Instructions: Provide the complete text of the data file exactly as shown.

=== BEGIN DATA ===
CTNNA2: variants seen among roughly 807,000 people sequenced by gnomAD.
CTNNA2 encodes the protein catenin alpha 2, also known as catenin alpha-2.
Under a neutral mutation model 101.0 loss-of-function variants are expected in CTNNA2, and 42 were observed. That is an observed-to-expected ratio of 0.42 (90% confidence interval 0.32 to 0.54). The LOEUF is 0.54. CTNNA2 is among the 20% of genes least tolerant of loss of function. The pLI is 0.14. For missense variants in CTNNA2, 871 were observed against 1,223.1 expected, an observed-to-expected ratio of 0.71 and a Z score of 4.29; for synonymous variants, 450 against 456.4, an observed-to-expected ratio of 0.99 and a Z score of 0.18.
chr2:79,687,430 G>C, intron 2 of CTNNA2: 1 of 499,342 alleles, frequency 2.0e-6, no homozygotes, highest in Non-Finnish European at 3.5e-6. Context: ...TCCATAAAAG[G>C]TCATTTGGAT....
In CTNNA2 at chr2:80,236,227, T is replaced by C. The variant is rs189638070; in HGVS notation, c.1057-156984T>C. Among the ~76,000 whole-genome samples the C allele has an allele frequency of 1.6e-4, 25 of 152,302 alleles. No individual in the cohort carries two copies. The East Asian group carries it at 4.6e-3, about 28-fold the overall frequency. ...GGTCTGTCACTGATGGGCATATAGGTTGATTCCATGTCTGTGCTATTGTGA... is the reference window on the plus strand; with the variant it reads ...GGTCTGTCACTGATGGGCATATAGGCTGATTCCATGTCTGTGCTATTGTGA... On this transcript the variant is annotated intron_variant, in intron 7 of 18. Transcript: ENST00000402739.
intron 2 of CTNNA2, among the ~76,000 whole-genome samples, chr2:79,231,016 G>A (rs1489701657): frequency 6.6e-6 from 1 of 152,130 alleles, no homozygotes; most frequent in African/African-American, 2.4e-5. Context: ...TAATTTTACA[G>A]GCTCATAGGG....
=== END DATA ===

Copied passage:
CTNNA2: variants seen among roughly 807,000 people sequenced by gnomAD.
CTNNA2 encodes the protein catenin alpha 2, also known as catenin alpha-2.
Under a neutral mutation model 101.0 loss-of-function variants are expected in CTNNA2, and 42 were observed. That is an observed-to-expected ratio of 0.42 (90% confidence interval 0.32 to 0.54). The LOEUF is 0.54. CTNNA2 is among the 20% of genes least tolerant of loss of function. The pLI is 0.14. For missense variants in CTNNA2, 871 were observed against 1,223.1 expected, an observed-to-expected ratio of 0.71 and a Z score of 4.29; for synonymous variants, 450 against 456.4, an observed-to-expected ratio of 0.99 and a Z score of 0.18.
chr2:79,687,430 G>C, intron 2 of CTNNA2: 1 of 499,342 alleles, frequency 2.0e-6, no homozygotes, highest in Non-Finnish European at 3.5e-6. Context: ...TCCATAAAAG[G>C]TCATTTGGAT....
In CTNNA2 at chr2:80,236,227, T is replaced by C. The variant is rs189638070; in HGVS notation, c.1057-156984T>C. Among the ~76,000 whole-genome samples the C allele has an allele frequency of 1.6e-4, 25 of 152,302 alleles. No individual in the cohort carries two copies. The East Asian group carries it at 4.6e-3, about 28-fold the overall frequency. ...GGTCTGTCACTGATGGGCATATAGGTTGATTCCATGTCTGTGCTATTGTGA... is the reference window on the plus strand; with the variant it reads ...GGTCTGTCACTGATGGGCATATAGGCTGATTCCATGTCTGTGCTATTGTGA... On this transcript the variant is annotated intron_variant, in intron 7 of 18. Transcript: ENST00000402739.
intron 2 of CTNNA2, among the ~76,000 whole-genome samples, chr2:79,231,016 G>A (rs1489701657): frequency 6.6e-6 from 1 of 152,130 alleles, no homozygotes; most frequent in African/African-American, 2.4e-5. Context: ...TAATTTTACA[G>A]GCTCATAGGG....